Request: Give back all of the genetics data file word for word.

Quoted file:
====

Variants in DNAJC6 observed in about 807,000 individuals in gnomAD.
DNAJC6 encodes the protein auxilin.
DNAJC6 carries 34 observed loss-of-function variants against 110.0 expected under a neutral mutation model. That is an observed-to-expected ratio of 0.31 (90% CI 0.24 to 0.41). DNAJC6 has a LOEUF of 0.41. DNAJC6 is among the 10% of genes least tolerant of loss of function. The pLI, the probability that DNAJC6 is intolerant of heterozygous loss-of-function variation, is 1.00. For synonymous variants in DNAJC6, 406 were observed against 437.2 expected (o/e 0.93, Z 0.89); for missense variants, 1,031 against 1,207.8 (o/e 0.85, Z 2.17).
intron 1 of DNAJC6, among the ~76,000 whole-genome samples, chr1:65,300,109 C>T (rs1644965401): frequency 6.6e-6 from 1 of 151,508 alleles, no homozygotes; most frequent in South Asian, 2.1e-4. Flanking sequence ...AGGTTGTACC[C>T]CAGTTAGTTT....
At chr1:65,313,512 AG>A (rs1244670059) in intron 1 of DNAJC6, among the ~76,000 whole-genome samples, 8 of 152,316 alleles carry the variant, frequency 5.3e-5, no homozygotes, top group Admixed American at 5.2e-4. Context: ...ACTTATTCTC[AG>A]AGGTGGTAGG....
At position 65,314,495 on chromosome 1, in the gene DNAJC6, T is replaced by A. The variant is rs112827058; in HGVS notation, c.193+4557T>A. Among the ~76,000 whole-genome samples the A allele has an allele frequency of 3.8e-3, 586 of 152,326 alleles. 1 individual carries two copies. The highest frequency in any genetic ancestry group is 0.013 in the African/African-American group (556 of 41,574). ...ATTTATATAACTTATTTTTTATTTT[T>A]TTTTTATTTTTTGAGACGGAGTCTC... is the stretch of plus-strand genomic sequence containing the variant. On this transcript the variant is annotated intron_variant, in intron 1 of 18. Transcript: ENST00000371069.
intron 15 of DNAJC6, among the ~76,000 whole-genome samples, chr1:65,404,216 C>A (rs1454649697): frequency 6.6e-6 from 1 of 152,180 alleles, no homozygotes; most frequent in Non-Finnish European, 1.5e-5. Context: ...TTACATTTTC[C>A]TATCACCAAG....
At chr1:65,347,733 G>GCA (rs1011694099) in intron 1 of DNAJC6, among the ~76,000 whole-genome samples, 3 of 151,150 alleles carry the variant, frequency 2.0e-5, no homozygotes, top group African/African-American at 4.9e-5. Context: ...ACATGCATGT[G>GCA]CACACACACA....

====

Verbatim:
Variants in DNAJC6 observed in about 807,000 individuals in gnomAD.
DNAJC6 encodes the protein auxilin.
DNAJC6 carries 34 observed loss-of-function variants against 110.0 expected under a neutral mutation model. That is an observed-to-expected ratio of 0.31 (90% CI 0.24 to 0.41). DNAJC6 has a LOEUF of 0.41. DNAJC6 is among the 10% of genes least tolerant of loss of function. The pLI, the probability that DNAJC6 is intolerant of heterozygous loss-of-function variation, is 1.00. For synonymous variants in DNAJC6, 406 were observed against 437.2 expected (o/e 0.93, Z 0.89); for missense variants, 1,031 against 1,207.8 (o/e 0.85, Z 2.17).
intron 1 of DNAJC6, among the ~76,000 whole-genome samples, chr1:65,300,109 C>T (rs1644965401): frequency 6.6e-6 from 1 of 151,508 alleles, no homozygotes; most frequent in South Asian, 2.1e-4. Flanking sequence ...AGGTTGTACC[C>T]CAGTTAGTTT....
At chr1:65,313,512 AG>A (rs1244670059) in intron 1 of DNAJC6, among the ~76,000 whole-genome samples, 8 of 152,316 alleles carry the variant, frequency 5.3e-5, no homozygotes, top group Admixed American at 5.2e-4. Context: ...ACTTATTCTC[AG>A]AGGTGGTAGG....
At position 65,314,495 on chromosome 1, in the gene DNAJC6, T is replaced by A. The variant is rs112827058; in HGVS notation, c.193+4557T>A. Among the ~76,000 whole-genome samples the A allele has an allele frequency of 3.8e-3, 586 of 152,326 alleles. 1 individual carries two copies. The highest frequency in any genetic ancestry group is 0.013 in the African/African-American group (556 of 41,574). ...ATTTATATAACTTATTTTTTATTTT[T>A]TTTTTATTTTTTGAGACGGAGTCTC... is the stretch of plus-strand genomic sequence containing the variant. On this transcript the variant is annotated intron_variant, in intron 1 of 18. Transcript: ENST00000371069.
intron 15 of DNAJC6, among the ~76,000 whole-genome samples, chr1:65,404,216 C>A (rs1454649697): frequency 6.6e-6 from 1 of 152,180 alleles, no homozygotes; most frequent in Non-Finnish European, 1.5e-5. Context: ...TTACATTTTC[C>A]TATCACCAAG....
At chr1:65,347,733 G>GCA (rs1011694099) in intron 1 of DNAJC6, among the ~76,000 whole-genome samples, 3 of 151,150 alleles carry the variant, frequency 2.0e-5, no homozygotes, top group African/African-American at 4.9e-5. Context: ...ACATGCATGT[G>GCA]CACACACACA....